How much evil throughout history could have been avoided had people exercised their moral acuity with convictional courage and said to the powers that be, 'No, I will not. This is wrong, and I don't care if you fire me, shoot me, pass me over for promotion, or call my mother, I will not participate in this unsavory activity.' Wouldn't world history be rewritten if just a few people had actually acted like individual free agents rather than mindless lemmings?
The stronger a culture, the less it fears the radical fringe. The more paranoid and precarious a culture, the less tolerance it offers.
When faith in our freedom gives way to fear of our freedom, silencing the minority view becomes the operative protocol.
A farm includes the passion of the farmer's heart, the interest of the farm's customers, the biological activity in the soil, the pleasantness of the air about the farm -- it's everything touching, emanating from, and supplying that piece of landscape. A farm is virtually a living organism. The tragedy of our time is that cultural philosophies and market realities are squeezing life's vitality out of most farms. And that is why the average farmer is now 60 years old. Serfdom just doesn't attract the best and brightest.
On a grander scale, when a society segregates itself, the consequences affect the economy, the emotions, and the ecology. That's one reason why it's easy for pro-lifers to eat factory-raised animals that disrespect everything sacred about creation. And that is why it's easy for rabid environmentalists to hate chainsaws even though they snuggle into a mattress supported by a black walnut bedstead.
A farm regulated to production of raw commodities is not a farm at all. It is a temporary blip until the land is used up, the water polluted, the neighbors nauseated, and the air unbreathable. The farmhouse, the concrete, the machinery, and outbuildings become relics of a bygone vibrancy when another family farm moves to the city financial centers for relief.
I saw a news report recently that measured average video game use by American men between the ages of twenty-five and thirty-five: twenty hours per week. Do you mean the flower of America's masculinity can't think of anything more important to do with twenty hours a week than sit in front of a video screen? Folks, this ain't normal. Can't we unplug already?
This magical, marvelous food on our plate, this sustenance we absorb, has a story to tell. It has a journey. It leaves a footprint. It leaves a legacy. To eat with reckless abandon, without conscience, without knowledge; folks, this ain't normal.
Farms and food production should be, I submit, at least as important as who pierced their navel in Hollywood this week. Please tell me I'm not the only one who believes this. Please. As a culture, we think we're well educated, but I'm not sure that what we've learned necessarily helps us survive.
I liken modern scientists to conquistadors. They have no idea what they're dealing with, but they're going to conquer it, whatever it is --- all in the name of God. Now, don't get me wrong, I'm not opposed to scientific discovery and exploration. I love this stuff. What I despise is reckless disregard for how little we know. We create trans fats with nary a question about whether they're good for us or not. We develop a food pyramid with carbohydrates on the bottom and thirty years later we realize it created an obesity and type 2 diabetes epidemic. It should give us all pause that we would be a much healthier nation if the government had never told us how to eat.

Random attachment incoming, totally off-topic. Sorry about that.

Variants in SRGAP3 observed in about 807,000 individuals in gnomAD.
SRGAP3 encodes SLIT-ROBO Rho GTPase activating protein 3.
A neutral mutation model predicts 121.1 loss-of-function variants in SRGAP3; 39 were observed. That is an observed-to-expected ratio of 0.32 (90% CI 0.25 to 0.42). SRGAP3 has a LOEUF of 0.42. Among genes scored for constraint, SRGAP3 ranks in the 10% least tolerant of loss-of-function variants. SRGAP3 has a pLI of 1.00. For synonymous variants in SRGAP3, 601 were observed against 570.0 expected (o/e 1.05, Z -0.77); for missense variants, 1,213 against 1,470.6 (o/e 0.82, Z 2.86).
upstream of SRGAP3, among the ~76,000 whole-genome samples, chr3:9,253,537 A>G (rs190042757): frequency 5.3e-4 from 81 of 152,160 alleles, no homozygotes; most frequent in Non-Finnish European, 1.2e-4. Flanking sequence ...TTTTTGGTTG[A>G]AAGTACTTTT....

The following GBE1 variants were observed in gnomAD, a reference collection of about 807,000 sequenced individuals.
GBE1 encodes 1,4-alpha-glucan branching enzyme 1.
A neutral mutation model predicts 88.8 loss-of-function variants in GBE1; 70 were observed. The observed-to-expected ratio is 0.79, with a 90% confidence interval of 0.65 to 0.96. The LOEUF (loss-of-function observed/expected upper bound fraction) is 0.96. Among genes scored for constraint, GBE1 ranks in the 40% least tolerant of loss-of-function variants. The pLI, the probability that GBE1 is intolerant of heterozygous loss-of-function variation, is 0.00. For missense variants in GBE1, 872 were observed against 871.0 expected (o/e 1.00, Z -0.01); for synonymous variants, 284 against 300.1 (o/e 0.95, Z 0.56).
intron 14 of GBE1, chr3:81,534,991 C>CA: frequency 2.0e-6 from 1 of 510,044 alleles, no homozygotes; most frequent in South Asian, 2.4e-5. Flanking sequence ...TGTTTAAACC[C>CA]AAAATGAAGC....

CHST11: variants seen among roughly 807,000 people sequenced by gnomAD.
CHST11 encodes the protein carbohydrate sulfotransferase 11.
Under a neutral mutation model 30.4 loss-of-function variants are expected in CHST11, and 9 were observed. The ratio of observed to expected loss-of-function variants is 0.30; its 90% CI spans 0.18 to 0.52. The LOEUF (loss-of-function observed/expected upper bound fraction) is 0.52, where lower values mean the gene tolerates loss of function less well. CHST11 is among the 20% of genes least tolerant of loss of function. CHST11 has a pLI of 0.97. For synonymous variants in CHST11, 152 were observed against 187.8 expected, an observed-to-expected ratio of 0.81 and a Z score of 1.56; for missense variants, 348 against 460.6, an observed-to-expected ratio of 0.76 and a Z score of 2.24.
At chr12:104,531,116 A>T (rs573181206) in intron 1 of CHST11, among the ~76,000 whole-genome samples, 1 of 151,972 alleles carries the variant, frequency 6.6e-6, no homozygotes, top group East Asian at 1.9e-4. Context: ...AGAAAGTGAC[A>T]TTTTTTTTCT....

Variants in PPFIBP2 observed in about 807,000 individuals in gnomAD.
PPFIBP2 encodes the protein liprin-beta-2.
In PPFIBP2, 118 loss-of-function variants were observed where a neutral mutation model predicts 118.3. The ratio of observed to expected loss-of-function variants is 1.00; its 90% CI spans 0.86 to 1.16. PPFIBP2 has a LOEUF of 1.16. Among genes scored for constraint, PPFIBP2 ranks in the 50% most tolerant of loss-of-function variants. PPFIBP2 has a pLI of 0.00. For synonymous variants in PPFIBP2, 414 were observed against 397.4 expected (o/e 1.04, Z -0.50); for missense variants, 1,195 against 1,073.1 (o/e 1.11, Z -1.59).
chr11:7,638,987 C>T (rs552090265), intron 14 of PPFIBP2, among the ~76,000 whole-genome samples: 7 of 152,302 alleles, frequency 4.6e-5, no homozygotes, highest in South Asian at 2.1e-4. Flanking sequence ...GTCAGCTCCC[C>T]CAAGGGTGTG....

When the farmer bores the tap hole into the trunk, the tree sends sap to heal the wound. Sure enough, by the next spring, only an extremely observant and knowledgeable person can find the old tap scars. When the wind blows, the tree senses that a branch might break. A broken branch is a much more serious wound than a little clean tap hole in the trunk. Therefore, the tree withholds the sap from the tap hole in case it needs to rush a bunch of sap to a broken limb somewhere. Once the wind subsides, the sap starts flowing again through the little tap hole. Sentient beings, anyone? You bet. Fearfully and wonderfully made.
Think of all the mesquite in Texas, the pinyon pines, the acorns in Appalachia, every place has the possibility of mass production. It's an infrastructural system so nestled in ecology, it's a more beautiful ecology.
We can produce more per acre on a fifth of the fuel as the industrial food system.
In general, we run the farm like a business instead of a welfare recipient, and we adhere to historically-validated patterns.
Despite all the hype about local or green food, the single biggest impediment to wider adoption is not research, programs, organizations, or networking. It is the demonizing and criminalizing of virtually all indigenous and heritage-based food practices.
Land degradation did not start with chemical agriculture. But chemical agriculture offered new tools for annihilation.
Gluten intolerance and celiac disease are direct results of American agriculture policy and, specifically, the government's wading into the food arena.
Industrial agriculture, because it depends on standardization, has bombarded us with the message that all pork is pork, all chicken is chicken, eggs eggs, even though we all know that can't really be true.
I want people to think through issues. I'm just tired of blind alignment.
From zoning to labor to food safety to insurance, local food systems daily face a phalanx of regulatory hurdles designed and implemented to police industrial food models but which prejudicially wipe out the antidote: appropriate scaled local food systems.